What happens during the luteal phase? After ovulation, the follicle that gave rise to the ovum or oocyte (egg) capable of being fertilised and the embryo capable of implantation undergoes transformations leading it to produce the pregnancy hormone progesterone. The follicle thus transformed is called the corpus luteum. The corpus luteum is a highly vascularised organ that can be identified by ultrasound.

Progesterone production lasts for 12-14 days in the absence of pregnancy. If the embryo implants and the patient is pregnant, the hormone produced by the embryo - hCG (used in pregnancy tests) - maintains the activity of the corpus luteum for around 6-8 weeks. The hCG produced by the implanted embryo induces an increase in progesterone production.

Around 8-10 weeks of pregnancy, progesterone is produced exclusively by the placenta and this remains the case until the end of the pregnancy. The function of the corpus luteum is no longer essential beyond the 1st trimester of pregnancy.


The result of the menstrual cycle: menstruation

In the menstrual cycle - with ovulation, but without pregnancy - the production of progesterone by the corpus luteum lasts around 12 days and then stops. The cessation of progesterone after prior exposure of the mucous membrane of the uterus - the endometrium - to progesterone results in desquamation of the mucous membrane and privative bleeding, during the menstrual period.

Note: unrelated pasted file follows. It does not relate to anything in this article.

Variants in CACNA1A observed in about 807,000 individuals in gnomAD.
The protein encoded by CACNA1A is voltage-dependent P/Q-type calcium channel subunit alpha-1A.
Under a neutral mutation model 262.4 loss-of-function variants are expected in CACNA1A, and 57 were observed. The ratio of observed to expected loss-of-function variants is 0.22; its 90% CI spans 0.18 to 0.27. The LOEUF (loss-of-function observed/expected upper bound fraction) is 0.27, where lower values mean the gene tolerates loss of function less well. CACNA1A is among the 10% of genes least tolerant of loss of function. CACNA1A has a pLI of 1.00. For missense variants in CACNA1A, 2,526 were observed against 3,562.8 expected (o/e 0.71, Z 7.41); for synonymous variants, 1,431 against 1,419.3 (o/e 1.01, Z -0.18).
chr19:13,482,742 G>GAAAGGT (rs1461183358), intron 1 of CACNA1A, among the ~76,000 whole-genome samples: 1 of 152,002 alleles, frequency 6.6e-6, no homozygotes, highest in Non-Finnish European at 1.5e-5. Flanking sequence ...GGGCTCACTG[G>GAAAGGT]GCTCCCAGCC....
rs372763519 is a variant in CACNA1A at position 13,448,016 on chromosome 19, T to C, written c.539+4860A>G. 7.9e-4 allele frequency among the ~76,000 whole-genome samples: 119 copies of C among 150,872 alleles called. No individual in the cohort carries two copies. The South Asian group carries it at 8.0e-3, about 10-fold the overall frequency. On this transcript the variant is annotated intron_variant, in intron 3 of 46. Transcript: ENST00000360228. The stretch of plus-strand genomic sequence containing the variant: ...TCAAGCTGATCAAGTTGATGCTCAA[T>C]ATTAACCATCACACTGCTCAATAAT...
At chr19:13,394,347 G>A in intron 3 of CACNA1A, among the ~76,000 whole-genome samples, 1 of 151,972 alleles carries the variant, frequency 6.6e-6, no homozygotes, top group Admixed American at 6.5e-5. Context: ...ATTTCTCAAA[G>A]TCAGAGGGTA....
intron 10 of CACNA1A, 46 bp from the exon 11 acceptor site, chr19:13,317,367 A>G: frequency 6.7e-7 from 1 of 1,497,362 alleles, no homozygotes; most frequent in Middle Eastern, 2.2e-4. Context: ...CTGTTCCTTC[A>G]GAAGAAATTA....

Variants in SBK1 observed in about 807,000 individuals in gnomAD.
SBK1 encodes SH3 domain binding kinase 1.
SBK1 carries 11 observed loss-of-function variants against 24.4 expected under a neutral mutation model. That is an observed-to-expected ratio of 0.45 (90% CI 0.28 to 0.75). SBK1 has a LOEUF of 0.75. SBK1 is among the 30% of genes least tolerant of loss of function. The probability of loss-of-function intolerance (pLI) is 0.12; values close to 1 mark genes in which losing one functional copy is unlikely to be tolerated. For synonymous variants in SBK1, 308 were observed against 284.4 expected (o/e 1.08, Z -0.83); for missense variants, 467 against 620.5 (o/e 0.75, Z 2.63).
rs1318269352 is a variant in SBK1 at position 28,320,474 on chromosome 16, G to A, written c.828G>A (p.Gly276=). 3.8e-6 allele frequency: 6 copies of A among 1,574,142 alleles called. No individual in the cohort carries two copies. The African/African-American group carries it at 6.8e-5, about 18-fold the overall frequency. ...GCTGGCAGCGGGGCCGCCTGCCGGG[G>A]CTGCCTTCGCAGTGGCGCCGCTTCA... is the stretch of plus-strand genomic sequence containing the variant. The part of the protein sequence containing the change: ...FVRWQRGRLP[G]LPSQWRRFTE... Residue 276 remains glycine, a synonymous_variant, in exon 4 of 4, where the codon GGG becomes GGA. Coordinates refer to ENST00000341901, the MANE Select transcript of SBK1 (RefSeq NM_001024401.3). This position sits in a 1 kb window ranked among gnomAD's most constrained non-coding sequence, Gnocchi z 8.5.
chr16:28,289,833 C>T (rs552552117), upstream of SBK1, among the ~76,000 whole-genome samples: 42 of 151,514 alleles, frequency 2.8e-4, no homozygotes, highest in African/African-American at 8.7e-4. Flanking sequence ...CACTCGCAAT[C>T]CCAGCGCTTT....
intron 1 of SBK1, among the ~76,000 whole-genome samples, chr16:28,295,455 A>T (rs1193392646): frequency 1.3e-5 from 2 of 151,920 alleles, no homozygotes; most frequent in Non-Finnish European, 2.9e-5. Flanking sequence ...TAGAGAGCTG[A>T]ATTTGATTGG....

Menstruation is therefore the result of the menstrual cycle and ovulation. It is normal uterine bleeding occurring after ovulation and exposure of the uterine mucosa to progesterone.

Any other form of uterine bleeding that may occur is an abnormal phenomenon - known as dysfunctional bleeding - with the exception of withdrawal bleeding, which occurs with hormone treatments that mimic the menstrual cycle.

The cessation of progesterone also triggers uterine contractions, which help to control uterine bleeding. This normal control of bleeding by uterine contractions is responsible for the fact that, in principle, there is no activation of coagulation - no clots - during menstruation.

In addition to their regularity - hence their name - periods are also characterised by their bleeding pattern. Typically, periods increase to a maximum, then decrease and stop. Any other pattern - e.g. increase, decrease, and re-increase - is a sign of dysfunctional uterine bleeding.

When periods are accompanied by clots, the situation is abnormal. This may be due to anatomical problems - fibroids, for example - that interfere with the proper contraction of the uterus. Clots are also encountered in a particular condition, anovulatory bleeding. These are known as anovulatory cycles.

In the anovulatory cycle, the uterine mucosa continues to grow under the action of estrogens - estradiol or E2 - without progesterone - the absence of ovulation - transforming the mucosa. The lining then proliferates excessively, becomes fragile, and bleeds intermittently.

This may give the false impression of cycles and pseudo-regularity, hence the term anovulatory cycle. The treatment is hormone replacement.


Written by:

Prof. Dominique de Ziegler,
University consultant in the gynaecology department,
Foch Hospital